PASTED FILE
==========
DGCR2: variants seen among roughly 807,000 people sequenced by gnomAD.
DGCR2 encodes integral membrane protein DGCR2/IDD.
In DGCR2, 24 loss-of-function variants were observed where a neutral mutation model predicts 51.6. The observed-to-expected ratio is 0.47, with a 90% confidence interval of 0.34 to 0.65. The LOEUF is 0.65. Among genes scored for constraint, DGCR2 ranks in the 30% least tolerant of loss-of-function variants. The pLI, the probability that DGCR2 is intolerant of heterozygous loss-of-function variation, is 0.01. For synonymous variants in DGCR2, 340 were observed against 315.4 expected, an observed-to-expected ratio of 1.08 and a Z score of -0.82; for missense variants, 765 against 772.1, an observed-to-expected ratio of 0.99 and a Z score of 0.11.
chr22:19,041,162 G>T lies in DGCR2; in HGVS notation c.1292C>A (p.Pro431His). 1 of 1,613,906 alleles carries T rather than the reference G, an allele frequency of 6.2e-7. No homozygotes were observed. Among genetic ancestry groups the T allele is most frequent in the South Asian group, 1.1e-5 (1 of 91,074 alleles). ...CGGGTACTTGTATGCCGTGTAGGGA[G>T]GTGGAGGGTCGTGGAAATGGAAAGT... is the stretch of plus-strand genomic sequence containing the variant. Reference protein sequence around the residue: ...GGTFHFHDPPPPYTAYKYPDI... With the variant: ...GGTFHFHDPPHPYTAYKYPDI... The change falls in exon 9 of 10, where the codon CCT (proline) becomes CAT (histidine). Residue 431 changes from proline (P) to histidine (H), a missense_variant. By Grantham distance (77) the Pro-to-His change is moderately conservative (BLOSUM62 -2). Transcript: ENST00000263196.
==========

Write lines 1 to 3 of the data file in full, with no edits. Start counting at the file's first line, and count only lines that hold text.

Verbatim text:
DGCR2: variants seen among roughly 807,000 people sequenced by gnomAD.
DGCR2 encodes integral membrane protein DGCR2/IDD.
In DGCR2, 24 loss-of-function variants were observed where a neutral mutation model predicts 51.6. The observed-to-expected ratio is 0.47, with a 90% confidence interval of 0.34 to 0.65. The LOEUF is 0.65. Among genes scored for constraint, DGCR2 ranks in the 30% least tolerant of loss-of-function variants. The pLI, the probability that DGCR2 is intolerant of heterozygous loss-of-function variation, is 0.01. For synonymous variants in DGCR2, 340 were observed against 315.4 expected, an observed-to-expected ratio of 1.08 and a Z score of -0.82; for missense variants, 765 against 772.1, an observed-to-expected ratio of 0.99 and a Z score of 0.11.